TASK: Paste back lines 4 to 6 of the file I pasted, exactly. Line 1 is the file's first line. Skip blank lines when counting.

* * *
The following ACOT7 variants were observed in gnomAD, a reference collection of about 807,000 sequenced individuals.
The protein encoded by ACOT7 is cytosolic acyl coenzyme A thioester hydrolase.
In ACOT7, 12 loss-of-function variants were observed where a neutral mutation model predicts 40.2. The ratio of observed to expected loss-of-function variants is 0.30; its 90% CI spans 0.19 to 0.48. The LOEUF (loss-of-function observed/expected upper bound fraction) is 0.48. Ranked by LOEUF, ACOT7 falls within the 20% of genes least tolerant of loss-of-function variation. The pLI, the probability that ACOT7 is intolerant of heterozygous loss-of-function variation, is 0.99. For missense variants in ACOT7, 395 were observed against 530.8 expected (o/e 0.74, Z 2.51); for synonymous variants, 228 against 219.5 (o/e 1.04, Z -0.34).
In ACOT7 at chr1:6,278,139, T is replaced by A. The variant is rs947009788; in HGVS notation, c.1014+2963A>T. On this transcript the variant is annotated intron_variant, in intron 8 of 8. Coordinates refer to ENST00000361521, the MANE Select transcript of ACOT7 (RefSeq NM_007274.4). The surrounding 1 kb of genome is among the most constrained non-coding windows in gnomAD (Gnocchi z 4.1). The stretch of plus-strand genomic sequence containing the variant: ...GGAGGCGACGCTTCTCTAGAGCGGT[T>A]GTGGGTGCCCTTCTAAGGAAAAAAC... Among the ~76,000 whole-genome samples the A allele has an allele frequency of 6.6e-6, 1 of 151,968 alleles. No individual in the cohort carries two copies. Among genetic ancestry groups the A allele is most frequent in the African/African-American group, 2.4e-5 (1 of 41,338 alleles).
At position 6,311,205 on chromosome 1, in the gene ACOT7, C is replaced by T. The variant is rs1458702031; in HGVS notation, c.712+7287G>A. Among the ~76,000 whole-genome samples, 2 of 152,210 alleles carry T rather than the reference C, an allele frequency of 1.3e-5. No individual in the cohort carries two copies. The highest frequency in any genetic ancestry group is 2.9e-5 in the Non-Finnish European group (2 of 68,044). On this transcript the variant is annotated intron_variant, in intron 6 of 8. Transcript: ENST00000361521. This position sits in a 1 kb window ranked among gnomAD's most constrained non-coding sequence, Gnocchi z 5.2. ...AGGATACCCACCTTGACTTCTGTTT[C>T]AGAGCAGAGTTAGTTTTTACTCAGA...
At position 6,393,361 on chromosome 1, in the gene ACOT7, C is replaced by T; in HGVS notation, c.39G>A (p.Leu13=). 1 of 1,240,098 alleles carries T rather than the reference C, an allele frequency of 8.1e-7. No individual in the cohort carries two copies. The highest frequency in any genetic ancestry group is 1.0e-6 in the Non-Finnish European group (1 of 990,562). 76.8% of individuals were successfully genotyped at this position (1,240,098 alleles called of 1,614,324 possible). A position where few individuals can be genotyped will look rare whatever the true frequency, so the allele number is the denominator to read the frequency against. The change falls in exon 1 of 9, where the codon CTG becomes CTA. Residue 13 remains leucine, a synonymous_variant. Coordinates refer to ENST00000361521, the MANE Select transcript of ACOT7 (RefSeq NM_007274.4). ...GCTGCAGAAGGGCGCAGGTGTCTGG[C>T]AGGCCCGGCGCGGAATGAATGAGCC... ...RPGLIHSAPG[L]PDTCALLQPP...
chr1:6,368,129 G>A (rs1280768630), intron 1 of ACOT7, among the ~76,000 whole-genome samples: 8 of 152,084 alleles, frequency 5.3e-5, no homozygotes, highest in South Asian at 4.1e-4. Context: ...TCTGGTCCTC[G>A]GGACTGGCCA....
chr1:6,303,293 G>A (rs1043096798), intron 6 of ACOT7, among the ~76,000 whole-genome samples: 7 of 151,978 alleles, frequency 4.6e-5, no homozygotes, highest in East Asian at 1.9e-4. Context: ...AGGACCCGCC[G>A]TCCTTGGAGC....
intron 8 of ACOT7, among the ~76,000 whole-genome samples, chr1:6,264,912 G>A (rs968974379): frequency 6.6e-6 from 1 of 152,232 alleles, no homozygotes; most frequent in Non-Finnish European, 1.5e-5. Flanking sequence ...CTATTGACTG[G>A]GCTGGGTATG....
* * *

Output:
In ACOT7 at chr1:6,278,139, T is replaced by A. The variant is rs947009788; in HGVS notation, c.1014+2963A>T. On this transcript the variant is annotated intron_variant, in intron 8 of 8. Coordinates refer to ENST00000361521, the MANE Select transcript of ACOT7 (RefSeq NM_007274.4). The surrounding 1 kb of genome is among the most constrained non-coding windows in gnomAD (Gnocchi z 4.1). The stretch of plus-strand genomic sequence containing the variant: ...GGAGGCGACGCTTCTCTAGAGCGGT[T>A]GTGGGTGCCCTTCTAAGGAAAAAAC... Among the ~76,000 whole-genome samples the A allele has an allele frequency of 6.6e-6, 1 of 151,968 alleles. No individual in the cohort carries two copies. Among genetic ancestry groups the A allele is most frequent in the African/African-American group, 2.4e-5 (1 of 41,338 alleles).
At position 6,311,205 on chromosome 1, in the gene ACOT7, C is replaced by T. The variant is rs1458702031; in HGVS notation, c.712+7287G>A. Among the ~76,000 whole-genome samples, 2 of 152,210 alleles carry T rather than the reference C, an allele frequency of 1.3e-5. No individual in the cohort carries two copies. The highest frequency in any genetic ancestry group is 2.9e-5 in the Non-Finnish European group (2 of 68,044). On this transcript the variant is annotated intron_variant, in intron 6 of 8. Transcript: ENST00000361521. This position sits in a 1 kb window ranked among gnomAD's most constrained non-coding sequence, Gnocchi z 5.2. ...AGGATACCCACCTTGACTTCTGTTT[C>T]AGAGCAGAGTTAGTTTTTACTCAGA...
At position 6,393,361 on chromosome 1, in the gene ACOT7, C is replaced by T; in HGVS notation, c.39G>A (p.Leu13=). 1 of 1,240,098 alleles carries T rather than the reference C, an allele frequency of 8.1e-7. No individual in the cohort carries two copies. The highest frequency in any genetic ancestry group is 1.0e-6 in the Non-Finnish European group (1 of 990,562). 76.8% of individuals were successfully genotyped at this position (1,240,098 alleles called of 1,614,324 possible). A position where few individuals can be genotyped will look rare whatever the true frequency, so the allele number is the denominator to read the frequency against. The change falls in exon 1 of 9, where the codon CTG becomes CTA. Residue 13 remains leucine, a synonymous_variant. Coordinates refer to ENST00000361521, the MANE Select transcript of ACOT7 (RefSeq NM_007274.4). ...GCTGCAGAAGGGCGCAGGTGTCTGG[C>T]AGGCCCGGCGCGGAATGAATGAGCC... ...RPGLIHSAPG[L]PDTCALLQPP...